With the cannabis industry expected to thrive in several states, California is of course, the next up to offer cannabis courses to help those looking to get into the industry. This summer, UC Berkeley will be offering a course on cannabis journalism that will take writers through the rigors of writing and to report non-biased and professional news in the new industry.

The course instructor, Katya Cengel will help aspiring journalists to develop sources, conduct interviews, write quickly, revise and edit along with an introduction to multimedia and blogging. Another instructor, David Downs will guide those with his experience working as a Cannabis journalist and offer insight into unfamiliar territory of covering cannabis through media and going in-depth into writing non-fiction books.

Downs started covering the cannabis industry with the East Bay Express back in 2009 with a column called “Legalization Nation” and as the co-founder of the Marijuana Business Report in 2010.

Back in 2009 when Downs started the “Legalization Nation” column, there was little coverage on the cannabis industry. Then in 2012 Denver’s biggest newspaper, The Denver Post  started The Cannabist and coverage from media channels such as VICE through their Weediequette show gave new light to covering cannabis.

Once the legitimacy of legalization was established, back in 2014, editors at other media outlets began to take the topic more seriously. In 2014 Oregon and Alaska accelerated the rise in media coverage of the marijuana industry.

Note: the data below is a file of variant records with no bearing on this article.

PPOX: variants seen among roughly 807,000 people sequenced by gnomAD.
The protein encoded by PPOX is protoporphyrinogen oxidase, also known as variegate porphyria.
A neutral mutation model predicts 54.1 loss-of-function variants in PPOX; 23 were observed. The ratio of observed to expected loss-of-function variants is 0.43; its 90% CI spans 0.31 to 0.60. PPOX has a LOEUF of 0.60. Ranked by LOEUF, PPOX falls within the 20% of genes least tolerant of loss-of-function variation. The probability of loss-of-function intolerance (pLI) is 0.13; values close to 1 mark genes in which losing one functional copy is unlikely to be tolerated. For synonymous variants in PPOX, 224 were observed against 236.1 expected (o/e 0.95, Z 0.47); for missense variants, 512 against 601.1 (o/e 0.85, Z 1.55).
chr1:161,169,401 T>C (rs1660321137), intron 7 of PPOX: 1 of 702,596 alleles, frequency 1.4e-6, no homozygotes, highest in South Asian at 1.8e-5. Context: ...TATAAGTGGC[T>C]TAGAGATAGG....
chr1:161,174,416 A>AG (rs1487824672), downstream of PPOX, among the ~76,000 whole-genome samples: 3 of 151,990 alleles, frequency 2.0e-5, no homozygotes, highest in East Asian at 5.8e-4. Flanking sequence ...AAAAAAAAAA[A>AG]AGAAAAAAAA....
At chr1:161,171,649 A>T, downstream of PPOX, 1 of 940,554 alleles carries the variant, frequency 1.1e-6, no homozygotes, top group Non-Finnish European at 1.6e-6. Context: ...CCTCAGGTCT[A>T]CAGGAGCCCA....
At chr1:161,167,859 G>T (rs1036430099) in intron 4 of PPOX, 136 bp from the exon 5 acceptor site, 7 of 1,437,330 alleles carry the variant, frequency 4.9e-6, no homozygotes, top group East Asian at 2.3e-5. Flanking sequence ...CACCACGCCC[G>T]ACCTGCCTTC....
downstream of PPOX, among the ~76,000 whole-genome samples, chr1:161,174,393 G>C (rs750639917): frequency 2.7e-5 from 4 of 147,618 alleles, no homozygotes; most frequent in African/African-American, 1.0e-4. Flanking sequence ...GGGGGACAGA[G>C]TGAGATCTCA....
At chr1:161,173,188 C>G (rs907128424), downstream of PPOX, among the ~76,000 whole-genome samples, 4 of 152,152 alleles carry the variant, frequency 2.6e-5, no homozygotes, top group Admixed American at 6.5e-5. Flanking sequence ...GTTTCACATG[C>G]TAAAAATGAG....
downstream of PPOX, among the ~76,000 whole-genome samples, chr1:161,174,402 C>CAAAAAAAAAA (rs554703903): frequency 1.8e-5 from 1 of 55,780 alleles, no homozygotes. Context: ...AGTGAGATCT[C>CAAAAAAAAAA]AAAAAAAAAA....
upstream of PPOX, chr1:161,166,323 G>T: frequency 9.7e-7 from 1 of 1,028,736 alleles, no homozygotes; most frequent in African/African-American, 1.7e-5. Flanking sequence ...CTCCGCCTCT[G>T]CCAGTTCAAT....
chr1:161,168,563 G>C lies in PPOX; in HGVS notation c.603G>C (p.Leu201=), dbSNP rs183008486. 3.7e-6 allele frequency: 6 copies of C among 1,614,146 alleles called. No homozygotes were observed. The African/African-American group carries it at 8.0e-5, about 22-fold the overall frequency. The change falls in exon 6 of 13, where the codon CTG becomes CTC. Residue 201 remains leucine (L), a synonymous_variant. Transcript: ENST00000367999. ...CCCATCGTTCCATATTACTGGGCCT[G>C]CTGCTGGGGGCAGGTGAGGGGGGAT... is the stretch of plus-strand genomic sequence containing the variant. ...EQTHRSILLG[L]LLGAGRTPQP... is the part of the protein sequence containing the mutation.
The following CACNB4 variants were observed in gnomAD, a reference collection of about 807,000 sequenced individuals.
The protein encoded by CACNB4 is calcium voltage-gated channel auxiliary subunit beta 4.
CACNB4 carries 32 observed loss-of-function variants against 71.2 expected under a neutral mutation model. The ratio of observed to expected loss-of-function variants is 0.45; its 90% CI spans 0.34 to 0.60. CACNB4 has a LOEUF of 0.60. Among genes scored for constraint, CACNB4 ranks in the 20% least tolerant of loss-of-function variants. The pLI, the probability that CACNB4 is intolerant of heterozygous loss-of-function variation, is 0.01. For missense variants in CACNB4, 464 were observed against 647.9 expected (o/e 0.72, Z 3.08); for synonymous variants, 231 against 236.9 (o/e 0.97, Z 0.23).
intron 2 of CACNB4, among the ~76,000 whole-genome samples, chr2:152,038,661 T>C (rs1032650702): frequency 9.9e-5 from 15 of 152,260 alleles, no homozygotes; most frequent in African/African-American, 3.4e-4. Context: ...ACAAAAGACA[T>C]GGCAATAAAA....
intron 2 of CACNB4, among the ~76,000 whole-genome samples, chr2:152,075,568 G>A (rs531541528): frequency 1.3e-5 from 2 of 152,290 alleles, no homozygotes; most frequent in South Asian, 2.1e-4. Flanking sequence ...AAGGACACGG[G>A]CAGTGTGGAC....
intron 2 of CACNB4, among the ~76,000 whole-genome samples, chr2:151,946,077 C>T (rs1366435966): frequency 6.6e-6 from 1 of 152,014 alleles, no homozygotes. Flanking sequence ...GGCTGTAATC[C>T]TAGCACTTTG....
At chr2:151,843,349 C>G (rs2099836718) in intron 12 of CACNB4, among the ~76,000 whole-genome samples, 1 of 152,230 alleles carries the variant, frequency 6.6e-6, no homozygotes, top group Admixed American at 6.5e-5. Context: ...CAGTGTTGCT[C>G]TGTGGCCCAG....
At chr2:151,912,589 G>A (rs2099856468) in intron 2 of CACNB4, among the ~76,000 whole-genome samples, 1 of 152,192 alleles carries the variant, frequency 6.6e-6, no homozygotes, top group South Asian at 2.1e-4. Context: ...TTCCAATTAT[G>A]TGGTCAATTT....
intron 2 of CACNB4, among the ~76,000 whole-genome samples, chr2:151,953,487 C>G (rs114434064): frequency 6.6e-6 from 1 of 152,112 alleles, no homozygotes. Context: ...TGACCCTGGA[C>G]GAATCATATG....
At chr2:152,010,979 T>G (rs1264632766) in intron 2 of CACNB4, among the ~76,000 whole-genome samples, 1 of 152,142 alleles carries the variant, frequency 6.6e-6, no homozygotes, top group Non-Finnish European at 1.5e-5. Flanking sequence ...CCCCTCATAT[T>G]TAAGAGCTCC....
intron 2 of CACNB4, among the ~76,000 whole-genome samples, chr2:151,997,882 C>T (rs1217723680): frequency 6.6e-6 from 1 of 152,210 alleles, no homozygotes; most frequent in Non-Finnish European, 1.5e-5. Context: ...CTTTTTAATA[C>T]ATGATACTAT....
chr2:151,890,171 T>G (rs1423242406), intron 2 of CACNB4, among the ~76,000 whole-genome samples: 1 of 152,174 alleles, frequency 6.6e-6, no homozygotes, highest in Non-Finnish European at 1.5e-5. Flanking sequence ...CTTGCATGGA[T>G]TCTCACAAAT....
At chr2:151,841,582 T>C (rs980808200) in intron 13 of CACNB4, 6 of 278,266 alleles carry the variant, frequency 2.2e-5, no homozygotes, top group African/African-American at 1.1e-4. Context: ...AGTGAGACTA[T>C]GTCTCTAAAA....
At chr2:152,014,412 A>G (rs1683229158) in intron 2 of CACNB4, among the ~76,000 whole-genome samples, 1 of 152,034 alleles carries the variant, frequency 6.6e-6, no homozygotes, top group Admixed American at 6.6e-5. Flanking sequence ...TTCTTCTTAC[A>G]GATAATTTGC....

UC Berkeley is following the same path as University of Denver, who last year started an interim course on cannabis journalism – being the first University in the U.S. offering such courses. These courses will help students investigate the scope of marijuana legalization movement and its many political and practical intricacies.

“Students will visit and interview dispensaries, industry professionals and private citizens to produce a portfolio piece of narrative journalism using the modes and methods of their choice, with direction of the instructor,” according to the University of Denver website.

While institutions are evolving more slowly than publications, the need for more professionals in the industry is apparent.

So it seems as though higher education is finally picking up on this growing necessity; DU and now UC Berkeley…who next?

However, as of now, there are no universities offering an education or course in the actual business and industry. But as the industry continues to grow, and legalization expands, we may see this change. As of now, there are some institutions that have recognized this need and developed cannabis industry training.